There was a huge crowd of reporters surrounding LaFleur, all peppering him with questions in both French and English. LaFleur took his time, politely answering all of them, in French or English, depending on the reporter’s language.

    Larry Robinson (Montreal’s Hall of Fame defenseman) kept circling around, telling Guy the team had a plane to catch at Newark airport that they did not want to miss. This went on for about five minutes.

    Finally, one English reporter asked Guy “Do any of the 500 goals stand out?” When Guy started to answer “Well, I remember the first one” Larry Robinson shouted out “Oh, shit. He’s going to describe them all!”

    Example interview responses:

    The players’ words in the book are presented in bold and italicized for easy reading.

    Bill Cook Excerpt:

    The following interview was conducted July 5, 1984 via telephone.

    Well, it all started on the old homestead in the west. That was after I came back from overseas and Russia. I started to play hockey first in the Soo, Canada (Sault Ste. Marie) for two years and then I went out to play in Saskatoon under Newsy Lalonde.

    Then I got word from Conn Smythe to meet him in Winnipeg. I went down to Winnipeg and they gave me a contract which I didn’t take at the time, but which was much better than what I was getting in Saskatoon. But it wasn’t as much as I thought should have come, in regards to New York hockey. So, we stood off, and he said he’d give me two or three or four days until he got in touch. So, he did, and I got what I asked for. It wasn’t a terrible lot in comparison to what they’re getting today, but a little better than what I was already getting.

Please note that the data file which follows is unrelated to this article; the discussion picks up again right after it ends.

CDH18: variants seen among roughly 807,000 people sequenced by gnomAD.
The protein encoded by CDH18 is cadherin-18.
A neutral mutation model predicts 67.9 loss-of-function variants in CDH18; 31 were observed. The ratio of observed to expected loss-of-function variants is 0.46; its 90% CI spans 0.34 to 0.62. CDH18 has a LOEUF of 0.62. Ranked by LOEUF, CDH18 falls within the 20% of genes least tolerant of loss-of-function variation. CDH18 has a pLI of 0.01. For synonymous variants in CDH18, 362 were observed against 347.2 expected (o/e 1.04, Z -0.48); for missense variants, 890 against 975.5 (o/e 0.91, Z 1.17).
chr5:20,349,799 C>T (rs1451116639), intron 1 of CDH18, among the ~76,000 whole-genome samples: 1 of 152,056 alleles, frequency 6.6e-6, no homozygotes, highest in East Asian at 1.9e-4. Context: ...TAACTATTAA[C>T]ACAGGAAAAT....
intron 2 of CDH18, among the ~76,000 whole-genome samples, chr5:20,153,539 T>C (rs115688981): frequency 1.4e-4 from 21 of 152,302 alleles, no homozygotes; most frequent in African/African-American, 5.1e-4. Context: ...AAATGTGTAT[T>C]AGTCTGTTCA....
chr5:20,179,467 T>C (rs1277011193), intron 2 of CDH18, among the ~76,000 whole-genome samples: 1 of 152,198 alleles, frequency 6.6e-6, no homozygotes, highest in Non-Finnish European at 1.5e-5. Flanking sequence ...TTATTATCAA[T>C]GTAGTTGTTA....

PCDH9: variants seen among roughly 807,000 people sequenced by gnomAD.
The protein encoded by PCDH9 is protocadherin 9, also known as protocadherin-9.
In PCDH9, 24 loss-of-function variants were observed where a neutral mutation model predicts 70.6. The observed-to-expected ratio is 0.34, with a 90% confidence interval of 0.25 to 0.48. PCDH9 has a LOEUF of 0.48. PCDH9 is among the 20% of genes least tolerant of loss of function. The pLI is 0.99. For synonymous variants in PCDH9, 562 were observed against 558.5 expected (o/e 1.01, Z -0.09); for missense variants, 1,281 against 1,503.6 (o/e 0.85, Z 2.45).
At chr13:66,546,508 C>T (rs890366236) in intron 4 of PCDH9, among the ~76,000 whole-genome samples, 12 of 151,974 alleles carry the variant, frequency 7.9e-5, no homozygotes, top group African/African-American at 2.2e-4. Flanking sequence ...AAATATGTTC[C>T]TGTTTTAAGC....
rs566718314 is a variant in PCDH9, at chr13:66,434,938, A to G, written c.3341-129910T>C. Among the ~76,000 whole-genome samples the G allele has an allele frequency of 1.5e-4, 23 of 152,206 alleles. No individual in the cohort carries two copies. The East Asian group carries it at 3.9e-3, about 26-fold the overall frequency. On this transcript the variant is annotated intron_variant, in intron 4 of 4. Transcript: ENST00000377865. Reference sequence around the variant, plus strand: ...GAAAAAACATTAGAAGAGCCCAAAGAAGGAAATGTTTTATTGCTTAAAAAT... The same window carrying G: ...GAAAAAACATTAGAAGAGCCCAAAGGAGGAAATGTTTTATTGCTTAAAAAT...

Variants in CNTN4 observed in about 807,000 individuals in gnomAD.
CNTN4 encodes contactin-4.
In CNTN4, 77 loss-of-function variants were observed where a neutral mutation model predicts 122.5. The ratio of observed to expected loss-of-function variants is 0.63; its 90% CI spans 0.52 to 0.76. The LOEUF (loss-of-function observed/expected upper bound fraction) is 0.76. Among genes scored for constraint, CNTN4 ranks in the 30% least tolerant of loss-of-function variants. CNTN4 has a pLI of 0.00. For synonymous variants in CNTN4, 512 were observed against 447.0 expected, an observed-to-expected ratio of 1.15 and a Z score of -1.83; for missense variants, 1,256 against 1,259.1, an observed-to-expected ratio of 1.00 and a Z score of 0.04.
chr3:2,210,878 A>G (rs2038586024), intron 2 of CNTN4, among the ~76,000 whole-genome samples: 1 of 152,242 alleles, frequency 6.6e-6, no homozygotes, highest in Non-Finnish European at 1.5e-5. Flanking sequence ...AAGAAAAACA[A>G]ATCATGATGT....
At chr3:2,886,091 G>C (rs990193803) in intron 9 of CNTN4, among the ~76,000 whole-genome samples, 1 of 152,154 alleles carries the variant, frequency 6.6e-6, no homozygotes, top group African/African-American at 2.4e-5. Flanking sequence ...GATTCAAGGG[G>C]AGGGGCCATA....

So, then he inquired about other players. He was interested in Bunny
    (Cook). Then I told him about Ching Johnson. I had played against Johnson when I was with the Soo team in Canada. He had played with Eveleth (Minnesota), and was a helluva good player.

    Bun Cook Excerpt:

    The following interview was conducted July 3, 1984 via telephone.

    Ching (Johnson) had a firm jaw on him; he’d always be playing with a smile. He was a very firm stick player. When he handed out a body check, you really were shook up.

    When they ran into Taffy
    (Abel), they bounced off of him like a rubber ball. They were colorful.

    Of course, Tex Rickard was the manager of the Garden. He was a great fight promoter. He wanted lots of color and he got it in Ching and Taffy.

    Lester went along with it too because he was quite a promoter from his western days. He certainly had lots of publicity, but he was a hard worker. He was a tough guy. I talked with him when I was with the Soo Greyhounds. He was quite interesting then. Hockey was in his blood. He was a great man for hockey.

    It wasn’t like hockey today; we had lots of idle time. We had to practice up in the garden rink
    (the old Madison Square Garden had an additional skating rink on its top floor); it was a skating rink for figure skating. We travelled by coach, so there was a lot of time to get acquainted and we were together, about seven or eight of us, for eight or nine years. There weren’t too many changes. We were successful because we had played as a line for about eight years straight. About the ninth year we were broken up.

    Fred Shero Excerpt:

    The following interview was conducted April 1, 1984 in The New Jersey Devils press room. I had asked Fred about the Flyers’ goon reputation.

    I’ve said this before, and I mean it honestly, if you can find one player I’ve ever coached who can claim I ever asked him to fight, I’ll give you a million dollars. That stands! I’d say at the start of every season, “If I ever ask you to fight, I want you to break that stick over my head!”

    I believe you coach with the material you have. You say, “Why did you fight?” We had to because that’s all we had. We weren’t the toughest team in hockey – Boston was the toughest team in hockey, but they had the talent and that’s why they didn’t have to fight as much.